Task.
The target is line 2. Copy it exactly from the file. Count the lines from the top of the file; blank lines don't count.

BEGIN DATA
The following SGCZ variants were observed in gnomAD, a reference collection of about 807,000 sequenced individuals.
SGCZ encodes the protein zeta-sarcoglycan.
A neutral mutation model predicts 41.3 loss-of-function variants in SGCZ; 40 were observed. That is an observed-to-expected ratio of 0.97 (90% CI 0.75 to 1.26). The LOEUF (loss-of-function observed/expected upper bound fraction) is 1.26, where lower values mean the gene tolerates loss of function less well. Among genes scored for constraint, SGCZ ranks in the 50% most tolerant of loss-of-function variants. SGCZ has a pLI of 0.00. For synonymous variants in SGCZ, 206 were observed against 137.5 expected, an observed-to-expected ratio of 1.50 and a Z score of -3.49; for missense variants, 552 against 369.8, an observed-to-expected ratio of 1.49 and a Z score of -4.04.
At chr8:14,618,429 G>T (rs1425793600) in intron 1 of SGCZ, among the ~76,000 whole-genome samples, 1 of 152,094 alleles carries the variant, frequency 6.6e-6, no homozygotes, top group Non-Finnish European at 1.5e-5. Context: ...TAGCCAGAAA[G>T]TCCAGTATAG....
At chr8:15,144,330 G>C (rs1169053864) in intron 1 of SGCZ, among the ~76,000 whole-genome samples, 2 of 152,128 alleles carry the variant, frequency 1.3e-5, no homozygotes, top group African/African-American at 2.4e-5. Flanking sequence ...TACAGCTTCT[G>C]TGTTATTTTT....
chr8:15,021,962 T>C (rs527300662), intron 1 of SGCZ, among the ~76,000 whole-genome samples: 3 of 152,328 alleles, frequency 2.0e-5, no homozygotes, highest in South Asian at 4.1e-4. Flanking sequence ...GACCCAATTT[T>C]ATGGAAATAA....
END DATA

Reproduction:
SGCZ encodes the protein zeta-sarcoglycan.